Couple solve all their problems by having a baby

A COUPLE have permanently solved all of their relationship issues by having a baby, it has emerged.

Emma Bradford and partner Tom Booker had been having some problems including lengthy arguments over minor domestic tasks, suspected infidelity and general dislike of each other, so they decided to have a child.

Bradford said: “We’d talked about splitting up. But then we realised we hadn’t even tried procreating.

“Now we have a baby everything’s great. Nobody needs an excuse to avoid sex and if I can’t stand the sight of Tom’s stupid face I can blame it on hormones.”

Booker agreed: “We’ve barely argued since we had the baby. We’re both too tired.

“Sure, one day he’ll stop screaming, or go off to school, or fly the nest and we’ll have to address our issues. Or we could just have another one!”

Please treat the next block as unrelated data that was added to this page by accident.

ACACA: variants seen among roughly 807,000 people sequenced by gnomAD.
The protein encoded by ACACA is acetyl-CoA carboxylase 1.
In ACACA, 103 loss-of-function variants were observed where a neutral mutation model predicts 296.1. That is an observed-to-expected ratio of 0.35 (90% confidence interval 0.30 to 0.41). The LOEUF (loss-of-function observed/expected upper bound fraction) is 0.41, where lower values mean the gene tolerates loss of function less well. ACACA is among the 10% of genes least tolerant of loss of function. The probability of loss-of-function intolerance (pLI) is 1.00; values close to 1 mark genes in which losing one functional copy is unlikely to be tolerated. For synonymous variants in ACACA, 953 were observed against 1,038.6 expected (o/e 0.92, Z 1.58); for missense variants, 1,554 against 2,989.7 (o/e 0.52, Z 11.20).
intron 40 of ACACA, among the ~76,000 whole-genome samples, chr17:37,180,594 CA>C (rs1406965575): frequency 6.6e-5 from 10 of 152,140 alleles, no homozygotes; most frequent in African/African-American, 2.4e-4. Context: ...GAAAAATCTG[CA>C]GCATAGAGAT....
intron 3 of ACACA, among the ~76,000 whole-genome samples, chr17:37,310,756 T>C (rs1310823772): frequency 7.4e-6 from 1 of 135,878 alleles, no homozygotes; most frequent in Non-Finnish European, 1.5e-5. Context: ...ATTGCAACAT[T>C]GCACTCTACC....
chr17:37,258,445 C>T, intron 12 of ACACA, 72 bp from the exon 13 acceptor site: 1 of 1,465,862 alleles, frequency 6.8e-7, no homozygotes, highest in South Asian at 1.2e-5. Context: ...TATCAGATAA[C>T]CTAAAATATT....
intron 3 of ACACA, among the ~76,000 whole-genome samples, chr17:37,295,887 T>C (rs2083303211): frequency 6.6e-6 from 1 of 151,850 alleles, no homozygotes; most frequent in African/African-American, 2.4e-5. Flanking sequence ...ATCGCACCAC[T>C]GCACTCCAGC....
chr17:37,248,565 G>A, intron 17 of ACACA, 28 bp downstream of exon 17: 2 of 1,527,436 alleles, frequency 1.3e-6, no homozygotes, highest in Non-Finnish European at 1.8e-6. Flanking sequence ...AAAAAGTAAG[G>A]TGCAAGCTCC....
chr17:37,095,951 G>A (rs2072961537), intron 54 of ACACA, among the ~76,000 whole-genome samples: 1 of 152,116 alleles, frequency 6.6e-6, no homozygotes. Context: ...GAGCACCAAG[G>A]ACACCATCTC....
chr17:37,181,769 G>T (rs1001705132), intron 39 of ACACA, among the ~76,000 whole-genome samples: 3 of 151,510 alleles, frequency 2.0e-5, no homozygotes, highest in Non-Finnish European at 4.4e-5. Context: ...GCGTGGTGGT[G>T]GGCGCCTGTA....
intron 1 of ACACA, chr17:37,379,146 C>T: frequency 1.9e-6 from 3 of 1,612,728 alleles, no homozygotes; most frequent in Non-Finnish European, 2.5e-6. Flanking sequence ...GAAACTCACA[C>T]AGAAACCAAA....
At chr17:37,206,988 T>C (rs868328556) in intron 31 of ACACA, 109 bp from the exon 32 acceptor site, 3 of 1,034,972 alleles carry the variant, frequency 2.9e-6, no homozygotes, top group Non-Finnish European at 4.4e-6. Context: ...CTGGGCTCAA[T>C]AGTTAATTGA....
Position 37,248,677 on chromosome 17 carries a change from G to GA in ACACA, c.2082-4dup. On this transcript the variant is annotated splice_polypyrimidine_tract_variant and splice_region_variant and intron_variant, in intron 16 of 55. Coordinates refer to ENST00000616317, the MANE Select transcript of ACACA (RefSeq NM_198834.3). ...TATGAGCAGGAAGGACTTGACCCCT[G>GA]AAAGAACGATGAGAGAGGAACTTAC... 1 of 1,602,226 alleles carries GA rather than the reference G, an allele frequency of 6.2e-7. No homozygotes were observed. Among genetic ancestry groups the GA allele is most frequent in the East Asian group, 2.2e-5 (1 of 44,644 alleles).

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Which patronising local greeting are you using?

ARE you fond of ‘authentic’ regional greetings that make you sound like a character from Coronation Street? Here’s a complete list from around the UK.


It’s unclear why the people of the Potteries refer to each other as waterfowl. Some linguists believe it is a version of ‘Duke’ but an alternative explanation is that Stokies simply have webbed feet.


Implying you are someone’s lover when you aren’t is already quite stalkerish, but saying it in a West Country accent makes you sound like Fred West.


Supremely irritating chirpy Northernism. Favoured by people who desperately want you to know they’re from the North and come across like Victoria Wood crossed with Brian Clough even though they are a fucking university lecturer.


Plymouth slang derived from Plymouthians deep – some would say too deep – love of the popular local seabird.


Norwich slang for ‘my dear good friend’. So widely used that locals will be deeply offended if you do not say things like: “Pint of Stella and a medium chardonnay, bastardo!”

Star Lord

Ubiquitous throughout North Wales, ‘Star Lord’ denotes friendliness or gratitude, as in the following exchange: “D’you want your fringe a bit shorter?”, “No, that’s just right, Star Lord.”

Massive shiteball

Originating in the west of Scotland, this greeting is used in all situations to show deep affection, eg. “Happy birthday, Nana, ya massive shiteball.”